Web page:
We then get introduced to both of our main characters. Conrad is hitchhiking up towards his brothers house with not much success. Nick is at his office explaining to his secretary, and by extension to us, who Conrad is and what his situation is. Then soon after, Nick is at home having the same discussion, with  a little more detail, with his wife. During this conversation we learn that Conrad was adopted and that he has missed their recent fathers funeral. Conrad has been an edgy, irresponsible child who was always very interested in death and conspiracies, and his art work is very dark. I felt the first time around this scene was written to explain why the two brothers were so obviously different, and to set up why Conrad might have such dark interests. It sort of was- but not for the reasons I thought as we will see later. Anyway around the time they have given up wondering when he would get there...
Conrad finally shows up at Nicks house. He hides under a table and startles him by jumping out and grabbing him with one arm and thrusting a ( anyone?) buck knife at him with the other. After saying hello, and having Conrad explain he has quit his job and is heading out to Death Valley, Conrad and Nick go outside of Nicks beautiful home to talk privately. After requesting to sleep in the back yard in a tent, Conrad reveals to Nick he has a plan for them for the following day. He wants to visit some sites around town related to the Charles Manson murder cases. After showing some initial reluctance, Nick succumbs as Conrad is able to use guilt- a common theme here with Nick- to convince him he only has one day in town before he leaves and it is something they can do together. There a few moments in this film where Nick is forced to make a choice between common sense and doing something questionable out of a feeling of guilt about how he has treated Conrad. Again, with his wife constantly pushing him in Conrads direction, Nick goes through more changes in this movie than any other character. There is a strong indication early and often that Conrad has been treated as an outsider his entire childhood. Nick is constantly agonizing over the role he played in that. This will lead him down a challenging path later when trying to reconcile major revelations. But at this early point- Nick simply agrees to chauffeur his brother to a few local locations. It is important to note that the contrast between the brothers is emphasized strongly early on. Nick was the real child, and the overachiever. Conrad was the outsider, who nobody ever seemed to care much about. At one point in an early conversation Nick points out to Conrad that "Your whole dynamic is this everyone hates me thing." To this Conrad simply asks him back "Well don't they?" The question goes unanswered. It is apparent that Conrad has always been an outsider in his adopted family. Nick acts very condescending towards Conrad frequently in the early part of the film.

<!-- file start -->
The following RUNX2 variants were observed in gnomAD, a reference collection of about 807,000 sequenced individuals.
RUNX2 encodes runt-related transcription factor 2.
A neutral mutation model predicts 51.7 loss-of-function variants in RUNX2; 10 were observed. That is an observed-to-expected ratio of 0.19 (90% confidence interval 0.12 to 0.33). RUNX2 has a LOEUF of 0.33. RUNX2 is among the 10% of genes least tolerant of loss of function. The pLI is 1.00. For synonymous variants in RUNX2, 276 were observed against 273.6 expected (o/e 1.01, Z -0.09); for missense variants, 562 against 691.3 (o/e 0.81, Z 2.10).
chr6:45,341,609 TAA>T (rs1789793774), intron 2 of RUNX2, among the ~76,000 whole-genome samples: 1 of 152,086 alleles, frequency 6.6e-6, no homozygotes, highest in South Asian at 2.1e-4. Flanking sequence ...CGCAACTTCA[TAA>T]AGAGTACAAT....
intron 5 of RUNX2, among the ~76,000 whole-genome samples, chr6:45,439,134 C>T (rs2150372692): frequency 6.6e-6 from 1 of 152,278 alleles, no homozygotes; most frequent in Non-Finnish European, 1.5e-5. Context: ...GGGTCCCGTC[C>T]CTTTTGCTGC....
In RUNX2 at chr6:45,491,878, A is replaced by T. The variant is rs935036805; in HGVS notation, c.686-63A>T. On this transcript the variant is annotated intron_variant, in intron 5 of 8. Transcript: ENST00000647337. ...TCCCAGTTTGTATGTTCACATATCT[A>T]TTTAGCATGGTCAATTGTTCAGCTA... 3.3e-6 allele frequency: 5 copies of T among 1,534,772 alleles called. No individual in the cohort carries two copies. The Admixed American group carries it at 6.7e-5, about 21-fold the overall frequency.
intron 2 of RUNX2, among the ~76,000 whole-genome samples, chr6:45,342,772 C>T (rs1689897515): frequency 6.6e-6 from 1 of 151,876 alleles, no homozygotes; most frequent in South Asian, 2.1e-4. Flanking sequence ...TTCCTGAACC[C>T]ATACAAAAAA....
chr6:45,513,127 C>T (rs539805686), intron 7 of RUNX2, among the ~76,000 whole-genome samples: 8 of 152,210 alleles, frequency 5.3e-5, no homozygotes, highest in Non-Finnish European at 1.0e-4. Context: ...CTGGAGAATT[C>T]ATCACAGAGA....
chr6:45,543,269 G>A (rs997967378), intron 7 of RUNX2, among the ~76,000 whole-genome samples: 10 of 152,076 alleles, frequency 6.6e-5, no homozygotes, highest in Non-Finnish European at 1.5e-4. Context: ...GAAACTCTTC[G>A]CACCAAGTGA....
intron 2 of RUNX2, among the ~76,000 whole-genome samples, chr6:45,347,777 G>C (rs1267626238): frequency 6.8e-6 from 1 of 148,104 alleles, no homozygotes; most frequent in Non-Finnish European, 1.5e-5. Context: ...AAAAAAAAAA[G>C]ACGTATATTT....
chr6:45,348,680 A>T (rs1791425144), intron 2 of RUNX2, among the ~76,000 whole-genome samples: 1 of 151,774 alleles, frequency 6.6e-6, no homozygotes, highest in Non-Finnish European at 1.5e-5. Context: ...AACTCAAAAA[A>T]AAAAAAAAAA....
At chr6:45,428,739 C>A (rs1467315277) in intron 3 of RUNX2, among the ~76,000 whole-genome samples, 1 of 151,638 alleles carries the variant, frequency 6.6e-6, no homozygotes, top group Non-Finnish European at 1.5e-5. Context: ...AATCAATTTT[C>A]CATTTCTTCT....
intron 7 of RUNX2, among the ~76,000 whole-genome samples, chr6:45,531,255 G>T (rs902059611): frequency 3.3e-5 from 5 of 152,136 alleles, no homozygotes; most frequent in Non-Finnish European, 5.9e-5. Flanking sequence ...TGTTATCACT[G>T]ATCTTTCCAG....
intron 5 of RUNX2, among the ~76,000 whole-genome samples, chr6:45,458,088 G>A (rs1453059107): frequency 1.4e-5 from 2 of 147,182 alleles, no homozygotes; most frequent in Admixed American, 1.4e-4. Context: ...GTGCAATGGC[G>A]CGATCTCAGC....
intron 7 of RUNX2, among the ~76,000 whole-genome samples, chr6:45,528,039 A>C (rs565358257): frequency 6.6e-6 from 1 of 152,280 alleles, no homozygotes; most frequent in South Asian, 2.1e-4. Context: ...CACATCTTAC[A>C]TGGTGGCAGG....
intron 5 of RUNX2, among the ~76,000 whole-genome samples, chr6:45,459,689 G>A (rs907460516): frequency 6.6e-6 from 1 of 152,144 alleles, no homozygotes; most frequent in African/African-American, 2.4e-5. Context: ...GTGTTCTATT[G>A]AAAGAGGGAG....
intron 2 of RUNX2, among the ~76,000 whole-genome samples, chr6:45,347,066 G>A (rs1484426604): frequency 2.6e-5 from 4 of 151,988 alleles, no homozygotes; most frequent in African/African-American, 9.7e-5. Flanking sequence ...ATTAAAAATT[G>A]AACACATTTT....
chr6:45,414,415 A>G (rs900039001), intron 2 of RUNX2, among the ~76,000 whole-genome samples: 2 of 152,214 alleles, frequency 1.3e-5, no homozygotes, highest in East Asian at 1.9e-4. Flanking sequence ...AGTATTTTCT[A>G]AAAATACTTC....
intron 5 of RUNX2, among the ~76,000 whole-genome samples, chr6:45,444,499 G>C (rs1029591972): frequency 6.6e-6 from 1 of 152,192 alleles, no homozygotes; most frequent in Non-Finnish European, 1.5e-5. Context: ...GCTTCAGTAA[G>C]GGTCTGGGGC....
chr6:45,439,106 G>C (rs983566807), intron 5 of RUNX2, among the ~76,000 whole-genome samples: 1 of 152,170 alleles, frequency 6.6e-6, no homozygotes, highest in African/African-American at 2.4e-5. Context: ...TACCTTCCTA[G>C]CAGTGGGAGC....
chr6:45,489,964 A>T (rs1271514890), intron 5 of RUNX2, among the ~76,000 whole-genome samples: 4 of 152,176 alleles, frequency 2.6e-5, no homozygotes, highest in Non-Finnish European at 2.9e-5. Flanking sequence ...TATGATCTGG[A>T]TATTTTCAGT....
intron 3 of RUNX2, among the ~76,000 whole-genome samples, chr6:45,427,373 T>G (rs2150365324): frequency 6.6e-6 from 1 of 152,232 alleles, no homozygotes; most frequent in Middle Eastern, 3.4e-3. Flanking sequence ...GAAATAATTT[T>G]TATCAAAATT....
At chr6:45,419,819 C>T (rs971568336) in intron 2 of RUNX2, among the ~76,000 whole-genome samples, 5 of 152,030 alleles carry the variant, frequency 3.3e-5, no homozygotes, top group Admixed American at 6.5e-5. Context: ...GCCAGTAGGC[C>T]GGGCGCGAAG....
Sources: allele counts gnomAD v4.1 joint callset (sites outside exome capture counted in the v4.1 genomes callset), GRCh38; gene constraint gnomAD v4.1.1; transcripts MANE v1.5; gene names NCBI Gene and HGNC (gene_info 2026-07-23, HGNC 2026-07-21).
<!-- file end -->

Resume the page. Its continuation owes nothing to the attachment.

The next day is more or less what I thought this whole movie was going to be. They go on a laugh a minute, embarrassment a minute for Nick, furious tour around LA of the major Manson related locations. One noticeable omission was the Spahn Ranch. But again, as a recent visitor, there isn't much there anymore to see. They went to the front of the gate at Cielo, and the front yard at Waverly. They ate at El Coyote. They cruise around the locales, as Nick points out to Conrad at one point, "Your enthusiasm for all of this is frightening." After embarrassing Nick at the Tate house to a neighbor by taking off his sweatshirt to reveal a Manson T shirt and screaming, Conrad calms him down in the car by using guilt again, along with a few hits of weed. By the time they get to Waverly, a buzzing Nick is helping Conrad get into the house by making up a lie to the present owners about being the Labainca's grandkids. This back and forth with Nick is constantly happening. He is primarily repulsed by the subject matter. On the other hand, he is constantly trying to pacify and make things right with his brother who he feels is running away in part due to a life of neglect he in part caused. So he repeatedly helps Conrad get into and around these places, and later people, which repulse him. "People died here. you have to respect that." Nick tells Conrad outside of the Tate house. Yet 30 minutes later, he is lying trying to help him get pics in front of the LaBianca's refrigerator.

It is an interesting question. Where do we draw the line? Where do I draw my own? I am repulsed by what the murderers did, and what happened at these places. But, I too was at that gate....

During the day we see that Conrad knows a lot about the case. He carries around a copy of Helter Skelter, but people in the community will hear Conrad say things which indicate a much more thorough understanding of the events which took place than that particular book offered. Someone did their homework. I will get to more about this shortly. At one point when looking it over Nick comes across a pic of the babies and asks what happened to them. I never paid attention to Conrad's muted answer the first screening around.  A sort of theme starts to develop where Conrad reveals more and more about his actual destination, and his involvement with Charlie as time goes on, and Nick starts to realize that there is more to this situation than meets the eye. At the end of the nite, back at Nicks house, they end up arguing about Conrad's involvement with Nick's young son- who has been having some trouble at school. However, after another heart to heart with the wife and another guilt ridden trip down memory lane, Nick agrees to drive Conrad out to Death Valley so he wont have to hitch. Interesting that later Conrad is able to offer some sage advice to Nick about how to handle his son...